Mistakes Made While Camping in Bear Country

Bears are wild creatures, though most of the time they can be very safe. They are not friendly, but they will often stay away and pose no threat whatsoever to hikers and campers. However, this is often exactly the thing that gets people into trouble. They have no problems with bears and so, while they don’t forgot that the bears are there, they get careless. It happens with time and experience, simply because it is hard to keep anything fresh and urgent within one’s mind, no matter how important that information is or how dangerous the consequences can be. There are some simple things to keep in mind to make sure that one’s next camping or hiking trip will be completed with no danger at all.

First of all, the hiker must remember at all times to make some noise. When hiking in the pristine wilderness, perhaps in the vast reaches of a mountain range with no other people for miles, making noise seems almost like the opposite of what one would want to do. The area is nice and quiet and the instinct then is not to disturb it. The problem with this is that startling a bear is one of the worst things one can do, and the bear could react with fear and violence. Stumbling upon them while they are eating or with their cubs can be disasterous. The flip side of that is that bears who hear humans coming will often just lumber off into the forest, and the whole problem is avoided. When they feel startled, they feel threatened, so hikers should always make a lot of noise to make sure bears know they are coming.

If the noise does not work and one does come across a bear unexpectedly, a common mistake is for a hiker or camper to panic. Staying calm is crucial. The bear may turn quickly toward a pack of hikers, and may even rear up on its hind legs, but panic will only upset the creature further. One must just set down what one is carrying and slowly back away from the startled animal. This will often show the bear that one is not, after all, a threat. They will then wander off and the problem will be averted, albeit with a little sweat and a racing heartbeat no doubt involved on the part of the hikers.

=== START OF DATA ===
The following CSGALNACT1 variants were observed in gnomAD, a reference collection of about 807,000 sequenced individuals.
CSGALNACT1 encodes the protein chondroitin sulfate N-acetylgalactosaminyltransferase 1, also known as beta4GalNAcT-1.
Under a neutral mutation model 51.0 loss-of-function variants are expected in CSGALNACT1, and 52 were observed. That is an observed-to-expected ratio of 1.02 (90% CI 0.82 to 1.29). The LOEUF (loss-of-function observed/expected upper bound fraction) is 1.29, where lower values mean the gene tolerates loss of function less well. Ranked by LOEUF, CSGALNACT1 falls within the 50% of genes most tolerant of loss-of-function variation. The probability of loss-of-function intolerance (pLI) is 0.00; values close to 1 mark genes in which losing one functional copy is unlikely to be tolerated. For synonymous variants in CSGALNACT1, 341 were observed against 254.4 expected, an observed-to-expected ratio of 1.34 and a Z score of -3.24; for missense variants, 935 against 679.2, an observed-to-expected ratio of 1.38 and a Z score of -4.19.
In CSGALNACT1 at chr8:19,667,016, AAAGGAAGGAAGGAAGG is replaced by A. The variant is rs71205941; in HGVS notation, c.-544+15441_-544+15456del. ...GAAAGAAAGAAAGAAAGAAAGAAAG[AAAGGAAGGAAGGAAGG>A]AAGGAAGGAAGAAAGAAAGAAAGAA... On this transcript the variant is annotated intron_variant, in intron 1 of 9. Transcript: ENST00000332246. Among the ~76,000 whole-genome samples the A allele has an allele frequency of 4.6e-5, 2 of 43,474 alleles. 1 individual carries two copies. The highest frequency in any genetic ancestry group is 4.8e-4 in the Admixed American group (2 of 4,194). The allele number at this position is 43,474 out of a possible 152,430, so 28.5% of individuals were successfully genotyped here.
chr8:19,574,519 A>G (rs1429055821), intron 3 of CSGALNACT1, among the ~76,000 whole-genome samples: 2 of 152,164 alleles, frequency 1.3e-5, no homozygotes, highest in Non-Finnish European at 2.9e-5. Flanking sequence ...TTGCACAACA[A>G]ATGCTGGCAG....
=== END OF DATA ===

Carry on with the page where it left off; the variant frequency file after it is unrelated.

Another mistake people often make is to not clean up very well. This is especially important after eating, as bears can smell food and will be attracted to the scent. They will want to search out the food and get to it, even if it is in tents or other living quarters. Bears could then become violent when they arrive at the camp and find humans there. The smells of meat and grease are very strong; it is a good idea to burn all of the excess when one is finished, and to store what must be stored in bear-proof containers. It is also a good idea to situate the camp so that the food and the tents are not in the same place. Carrying the food off a ways to store it outside of the camp may be a bit of a hassel, but is well worth it if a bear comes looking for a snack.

Sometimes, campers will not take care of their trash as they should, and this is a big mistake in bear country. It may be trash, but they could come looking for it in the same way that they would come looking for food. Putting trash into the trunk of a car is a good way to keep it from bears, as is putting it in bear-proof containers. Either way, one must make sure never to leave it around the camp or even to bury it in the ground. A bear will still smell it and dig it up, even if one feels it has been buried quite deep.

Bear encounters are not frequent, and violence even less so. If hikers and campers remember not to make the mistakes above, they will ensure a safe and exciting experience. Bears do not pose much danger at all if the proper steps are taken and not forgotten.